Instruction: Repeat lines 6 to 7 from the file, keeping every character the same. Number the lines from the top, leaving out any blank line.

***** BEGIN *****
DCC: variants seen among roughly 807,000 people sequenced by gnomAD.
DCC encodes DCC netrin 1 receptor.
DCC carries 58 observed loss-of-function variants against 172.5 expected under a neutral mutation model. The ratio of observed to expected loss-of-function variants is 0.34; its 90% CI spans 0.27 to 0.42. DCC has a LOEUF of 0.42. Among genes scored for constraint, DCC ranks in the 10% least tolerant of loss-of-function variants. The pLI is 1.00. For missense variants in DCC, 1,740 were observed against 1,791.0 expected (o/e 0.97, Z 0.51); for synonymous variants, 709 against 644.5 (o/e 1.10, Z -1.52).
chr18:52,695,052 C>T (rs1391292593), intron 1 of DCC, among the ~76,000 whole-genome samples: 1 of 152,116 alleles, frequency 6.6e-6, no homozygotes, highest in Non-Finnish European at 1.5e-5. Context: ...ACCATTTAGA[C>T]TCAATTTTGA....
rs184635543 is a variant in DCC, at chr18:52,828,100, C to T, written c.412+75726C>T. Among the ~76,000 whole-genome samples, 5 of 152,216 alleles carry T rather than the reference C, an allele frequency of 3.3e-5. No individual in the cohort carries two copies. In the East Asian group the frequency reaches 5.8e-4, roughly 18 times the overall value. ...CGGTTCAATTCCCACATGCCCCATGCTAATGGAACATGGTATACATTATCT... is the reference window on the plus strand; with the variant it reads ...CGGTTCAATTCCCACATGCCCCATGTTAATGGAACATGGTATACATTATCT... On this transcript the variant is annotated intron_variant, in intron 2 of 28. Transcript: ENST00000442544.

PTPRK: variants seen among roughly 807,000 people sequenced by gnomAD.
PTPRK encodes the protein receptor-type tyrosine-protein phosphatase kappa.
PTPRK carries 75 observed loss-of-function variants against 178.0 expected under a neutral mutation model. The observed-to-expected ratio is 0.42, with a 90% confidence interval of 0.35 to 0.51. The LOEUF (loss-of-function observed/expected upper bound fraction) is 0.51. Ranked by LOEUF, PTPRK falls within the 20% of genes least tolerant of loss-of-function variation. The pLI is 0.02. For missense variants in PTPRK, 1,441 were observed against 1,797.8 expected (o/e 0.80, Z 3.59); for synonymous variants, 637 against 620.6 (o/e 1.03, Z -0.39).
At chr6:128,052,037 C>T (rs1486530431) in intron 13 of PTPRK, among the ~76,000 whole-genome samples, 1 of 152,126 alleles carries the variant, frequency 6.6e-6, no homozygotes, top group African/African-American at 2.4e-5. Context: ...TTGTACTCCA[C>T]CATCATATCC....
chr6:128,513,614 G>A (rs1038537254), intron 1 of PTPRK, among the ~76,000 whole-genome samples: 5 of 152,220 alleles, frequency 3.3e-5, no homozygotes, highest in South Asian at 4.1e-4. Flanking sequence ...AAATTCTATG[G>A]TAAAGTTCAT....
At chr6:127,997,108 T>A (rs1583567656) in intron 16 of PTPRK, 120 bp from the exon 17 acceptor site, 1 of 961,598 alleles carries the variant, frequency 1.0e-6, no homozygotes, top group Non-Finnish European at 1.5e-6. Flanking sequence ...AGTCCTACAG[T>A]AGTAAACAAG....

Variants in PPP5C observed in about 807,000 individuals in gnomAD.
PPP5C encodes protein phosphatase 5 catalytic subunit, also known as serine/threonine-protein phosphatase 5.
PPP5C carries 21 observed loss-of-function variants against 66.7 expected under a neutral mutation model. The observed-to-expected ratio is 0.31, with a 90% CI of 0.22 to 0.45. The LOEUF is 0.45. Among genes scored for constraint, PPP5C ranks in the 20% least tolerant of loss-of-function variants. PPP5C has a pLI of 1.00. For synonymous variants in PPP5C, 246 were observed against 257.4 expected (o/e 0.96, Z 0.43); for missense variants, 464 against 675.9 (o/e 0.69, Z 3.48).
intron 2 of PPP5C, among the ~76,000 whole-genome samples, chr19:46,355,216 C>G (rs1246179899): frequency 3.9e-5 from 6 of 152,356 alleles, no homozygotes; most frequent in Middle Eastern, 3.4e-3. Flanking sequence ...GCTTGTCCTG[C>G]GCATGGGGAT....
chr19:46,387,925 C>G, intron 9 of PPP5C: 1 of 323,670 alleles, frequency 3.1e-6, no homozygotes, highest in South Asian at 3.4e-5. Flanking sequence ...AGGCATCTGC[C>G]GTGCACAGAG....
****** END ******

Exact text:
PTPRK: variants seen among roughly 807,000 people sequenced by gnomAD.
PTPRK encodes the protein receptor-type tyrosine-protein phosphatase kappa.